How to Empower Others – A Day in the Life of a Therapist

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open book where two pages shape a heart, symbolizing how to empower othersHow to empower others? People often ask my husband what it’s like to live with and be married to a therapist. His typical response is “we talk a lot.” I used to get pretty touchy about it. Always afraid that people would think I’m analyzing them. It makes some people really uncomfortable. The truth is, I am analyzing most of the time. I have come to accept that this is part of being in a relationship with me. What people come to learn is that while I am analyzing, I’m rarely judging. That being said, most experiences turn into scientific observations, teaching opportunities or thoughtful philosophical dialogue.

How to Empower Others You Love

This week, we went to a local resort restaurant for dinner and sunset, with a side of scientific observation. (Apologies to those of you still buried in snow). It was a lovely evening, and we had a table by the water. Our tiny human loves this particular locale because she can play in the sand while we hang. We love it too because we can relax and parent at 50% while she entertains herself instead of asking for a device to watch videos.

Tiny Human Playing in the Sand

We take turns checking out her sand projects. I work on my headstand in between appetizers and entrees. Its a classic scene for our family.

She Found Some Ants …

Just after dinner, she found some ants. She decided they were her pets. She tried feeding them grass and sticks. They were not amused.

The hubby handed her a french fry and encouraged her to be patient.

It totally worked. Within minutes she had an ant farm on her hands.

Except, they were fire ants.

We Warned Her. Boy Did We Warn Her.

I explained that fire ants not only bite but leave a toxin or poison in her skin.

Her dad informed her that if you disturb any creature, especially while it’s eating, its risky business.

One Red Ant Bite Later …

One red ant bite later we had an angry and frightened toddler on our hands.

She was proclaiming “I will never go there ever again!” She didn’t want to go near her toys out of fear she would be bitten again.

Of course, I am ‘that mom’ who has one of everything in my purse. I applied a special ointment to her wound. I accompanied her to clean up her toys, reassuring her she was a safe distance from the ants.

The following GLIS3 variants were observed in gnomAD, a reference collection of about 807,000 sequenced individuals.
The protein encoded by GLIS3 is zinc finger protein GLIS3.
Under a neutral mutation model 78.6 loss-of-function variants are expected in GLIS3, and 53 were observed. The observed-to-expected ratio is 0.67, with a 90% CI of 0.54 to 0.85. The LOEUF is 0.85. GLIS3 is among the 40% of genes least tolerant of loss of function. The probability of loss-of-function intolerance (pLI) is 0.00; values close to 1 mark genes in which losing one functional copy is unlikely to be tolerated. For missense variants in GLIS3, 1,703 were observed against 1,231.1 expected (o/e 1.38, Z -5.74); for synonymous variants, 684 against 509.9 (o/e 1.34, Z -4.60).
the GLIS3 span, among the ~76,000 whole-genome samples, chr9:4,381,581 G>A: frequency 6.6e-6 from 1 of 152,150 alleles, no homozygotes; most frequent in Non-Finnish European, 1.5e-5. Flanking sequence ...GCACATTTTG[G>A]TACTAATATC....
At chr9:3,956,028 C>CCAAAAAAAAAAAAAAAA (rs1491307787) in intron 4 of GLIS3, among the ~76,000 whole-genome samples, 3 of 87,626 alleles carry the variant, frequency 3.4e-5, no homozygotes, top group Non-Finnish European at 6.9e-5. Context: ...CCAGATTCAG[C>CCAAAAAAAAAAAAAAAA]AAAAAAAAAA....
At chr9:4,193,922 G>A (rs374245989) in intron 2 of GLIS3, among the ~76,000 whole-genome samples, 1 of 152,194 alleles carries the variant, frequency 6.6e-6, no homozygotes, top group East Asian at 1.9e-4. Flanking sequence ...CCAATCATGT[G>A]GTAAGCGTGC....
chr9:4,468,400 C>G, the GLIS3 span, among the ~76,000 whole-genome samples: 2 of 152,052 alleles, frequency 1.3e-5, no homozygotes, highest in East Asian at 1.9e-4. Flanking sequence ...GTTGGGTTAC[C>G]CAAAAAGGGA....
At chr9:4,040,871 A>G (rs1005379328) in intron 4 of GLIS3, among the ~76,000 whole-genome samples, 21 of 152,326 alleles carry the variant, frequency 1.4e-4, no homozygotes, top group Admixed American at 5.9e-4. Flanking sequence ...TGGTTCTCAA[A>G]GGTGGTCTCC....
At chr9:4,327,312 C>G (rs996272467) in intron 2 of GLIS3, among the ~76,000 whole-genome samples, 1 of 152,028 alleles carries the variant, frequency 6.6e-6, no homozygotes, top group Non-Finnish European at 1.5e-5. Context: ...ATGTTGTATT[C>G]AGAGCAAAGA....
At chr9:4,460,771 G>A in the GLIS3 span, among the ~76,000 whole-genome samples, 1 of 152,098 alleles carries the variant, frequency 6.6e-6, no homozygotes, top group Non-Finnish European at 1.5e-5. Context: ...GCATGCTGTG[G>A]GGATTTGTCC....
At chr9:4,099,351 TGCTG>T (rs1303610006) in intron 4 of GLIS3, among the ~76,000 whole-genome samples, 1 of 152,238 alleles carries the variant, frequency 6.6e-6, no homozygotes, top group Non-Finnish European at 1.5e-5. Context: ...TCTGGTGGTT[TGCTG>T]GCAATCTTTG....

We belted out her favorite Meghan Trainor and Moana songs in the car to distract her from her pain.


How to Empower Others: Why Do Things Happen and What We Can Learn From Them

We chatted as we put her to bed. I analyzed the whole thing of course. Musing at human nature.

When she asked why she was bitten, I explained that she took a risk. Despite being warned of the danger, she made a conscious choice, and it led to a painful outcome.

[bctt tweet="Allow your child to take a risk to learn."]

Yup, I said it just like that, lol.

And We as Parents Allowed Her to Take the Risk.

Sure, we could’ve stopped the whole thing in its tracks and avoided this pain. But she is a strong-willed and independent child who is invested in learning her way. She and I are quite similar in that aspect.

I watch similar dynamics in my work every day.

  • Parents distressed about their adult children not heeding their advice.
  • Spouses personally affronted because their partner won’t listen to them.
  • Client’s who beat themselves up for not listening to sage wisdom.

All completely normal.

We Learn Best by Doing.

But there is always risk.

There is little value in regretting our choices.

We move through life making decisions, all with some level of risk. We learn from our choices and incorporate that learning into our next set of options.

Our daughter will be far more mindful of bugs now.

Sure, she has some lingering fear. We will help her process her fear and teach her more about dangerous insects. But she learned, which is invaluable. And we let go and allowed her to learn – at the personal risk of feeling our fear.

Will you do the same with your children, partner, family members, and co-workers?

Can you release control, encourage empowerment and learning? Oh, and manage your own anxiety. Some of the most meaningful lessons in life are the ones learned the hardest.

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